After we successfully conducted the series of GRALE 5 Regional Webinars in July 2020 together with the UNESCO Institute for Lifelong Learning (UIL) and the German Adult Education Association (DVV-International), The ICAE Executive Committee felt that there was a need to ensure greater participation by civil society in the CONFINTEA VII process. We also wanted to ensure that our participation in global platforms is informed by advocacy messages that are developed together with our members. It was also important that these advocacy messages were not merely for CONFINTEA VII but were the core advocacy messages that we as ICAE, the global voice of civil society organisations committed to adult learning and education as a right, will carry during this term of office.
And so, we encouraged our Vice-Presidents to design a region-specific membership engagement process that would contribute to the development of the ICAE ALE Advocacy Agenda. We foresee that the 2020 series of regional webinars will be the first round as we look forward to 2021 when we expect the CONFINTEA VII Preparatory Regional Conferences to occur, to 2022, when the actual CONFINTEA VII will happen, and to 2023, when together we will celebrate the 50th Anniversary of ICAE. Below are brief summaries of the first round of these regional webinars in the Asia-Pacific, Europe and Africa. Let me thank all those who participated and actively contributed to organising each of these events, but more importantly for achieving the first aim of engaging with our members about our role as adult educators during these challenging times. Details of the outcomes will be shared after the completion of all the regional webinars.
The Asia-Pacific Webinar was conducted on 5th October as part of a series of three webinars that was conducting on Adult Learning and Education (ALE). The webinar was attended by 45-50 ICAE and ASPBAE members on zoom. The first part of the webinar involved ICAE and ASPBAE sharing our respective ALE advocacy plans at the global and regional level, respectively. The second part was focused on CONFINTEA VII, as one specific advocacy space that we wanted to explore. Mr Werner Mauch, from UIL, updated the participants with developments in the GRALE 5 process, followed by brief presentations by country-based civil society participation in the GRALE 5 national surveys. Cecilia Palm, ICAE EC Member from Sweden, spoke of their attempts to contact the person in-charge of responding to the GRALE 5 survey. Takafumi Miyake, from the Japan NGO Network on Education (JNNE)described how through their timely effort, they were able to shape the response of the government. However, based on the feedback from the participants very few other civil society organisations were able to effectively engage with the national focal points for GRALE 5. The third and final part of the webinar was a workshop, where the participants were asked to identify strategic advocacy approaches for engaging in the following: (i) the official processes for CONFINTEA VII, (ii) facilitating inter-regional engagements within the HLPF processes, (iii) the narrowing of the SDG 4 agenda at the expense of ALE in the other global platforms, and (iv) Communities of Practice and Capacity-building efforts on emerging themes (eg Global Citizenship) that contribute to our ALE advocacies? (Robbie Guevara)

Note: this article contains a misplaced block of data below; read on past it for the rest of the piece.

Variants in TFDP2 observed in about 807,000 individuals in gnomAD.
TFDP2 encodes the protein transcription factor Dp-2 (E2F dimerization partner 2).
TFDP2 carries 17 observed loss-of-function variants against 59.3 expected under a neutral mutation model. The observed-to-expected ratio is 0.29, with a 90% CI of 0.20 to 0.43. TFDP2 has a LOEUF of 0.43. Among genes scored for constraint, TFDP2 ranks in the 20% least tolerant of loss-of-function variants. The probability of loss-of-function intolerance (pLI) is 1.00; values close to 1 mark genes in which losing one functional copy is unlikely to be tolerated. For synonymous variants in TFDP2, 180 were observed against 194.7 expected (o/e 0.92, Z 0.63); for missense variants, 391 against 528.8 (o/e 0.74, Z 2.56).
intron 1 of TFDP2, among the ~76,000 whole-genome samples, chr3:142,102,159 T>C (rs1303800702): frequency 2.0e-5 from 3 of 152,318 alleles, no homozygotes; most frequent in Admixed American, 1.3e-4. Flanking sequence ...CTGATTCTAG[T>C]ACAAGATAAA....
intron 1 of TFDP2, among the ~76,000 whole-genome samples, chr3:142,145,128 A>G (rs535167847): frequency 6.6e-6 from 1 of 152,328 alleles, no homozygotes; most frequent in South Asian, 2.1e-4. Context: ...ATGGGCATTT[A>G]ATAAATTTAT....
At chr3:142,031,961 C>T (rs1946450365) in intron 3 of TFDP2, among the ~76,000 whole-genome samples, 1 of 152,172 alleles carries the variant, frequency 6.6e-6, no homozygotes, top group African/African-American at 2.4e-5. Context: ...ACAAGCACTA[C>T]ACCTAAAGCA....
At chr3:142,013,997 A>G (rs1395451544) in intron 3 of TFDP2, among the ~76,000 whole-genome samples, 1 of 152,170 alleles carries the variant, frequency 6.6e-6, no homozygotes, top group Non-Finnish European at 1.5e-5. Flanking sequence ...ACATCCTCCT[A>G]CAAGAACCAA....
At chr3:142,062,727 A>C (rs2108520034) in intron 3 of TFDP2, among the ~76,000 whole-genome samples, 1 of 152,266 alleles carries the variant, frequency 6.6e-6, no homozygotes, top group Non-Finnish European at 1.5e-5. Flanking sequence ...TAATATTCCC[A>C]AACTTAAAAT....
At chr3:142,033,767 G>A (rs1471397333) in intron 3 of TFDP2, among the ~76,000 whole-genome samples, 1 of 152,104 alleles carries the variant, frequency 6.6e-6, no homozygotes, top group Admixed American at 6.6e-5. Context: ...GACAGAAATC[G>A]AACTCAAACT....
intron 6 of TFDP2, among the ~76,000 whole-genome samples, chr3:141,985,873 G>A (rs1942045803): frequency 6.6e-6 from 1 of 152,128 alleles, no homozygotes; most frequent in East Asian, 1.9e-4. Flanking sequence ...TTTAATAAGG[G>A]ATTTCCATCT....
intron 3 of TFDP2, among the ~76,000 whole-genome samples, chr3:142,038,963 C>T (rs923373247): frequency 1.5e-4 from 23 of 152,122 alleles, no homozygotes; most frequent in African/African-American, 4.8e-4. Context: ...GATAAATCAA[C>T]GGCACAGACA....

Nani Zulminarni, ASPBAE President and ICAE Vice-President for Asia-Pacific clearly described the event as successful.
“It was not only that the content and the focus were urgently needed during this time, but it also demonstrates how we can effectively work with our members in the region to deliver our collective agenda. The webinar was planned well. By integrating it into a series of related sessions which are organized by ASPBAE, and ending with ICAE webinar, it effectively built the national, regional and global contexts of our ALE advocacy work. It was very clear that our members in the region expect ICAE to play a strong role in global advocacy. Even though members, like ASPBAE, have our own reputation at the global level, coming together as ICAE certainly makes us stronger. I think this kind of collaboration can be best practice for us in the future. With all the limitations we have, we can actually work closely with our members at the regional level to build our collective agenda.”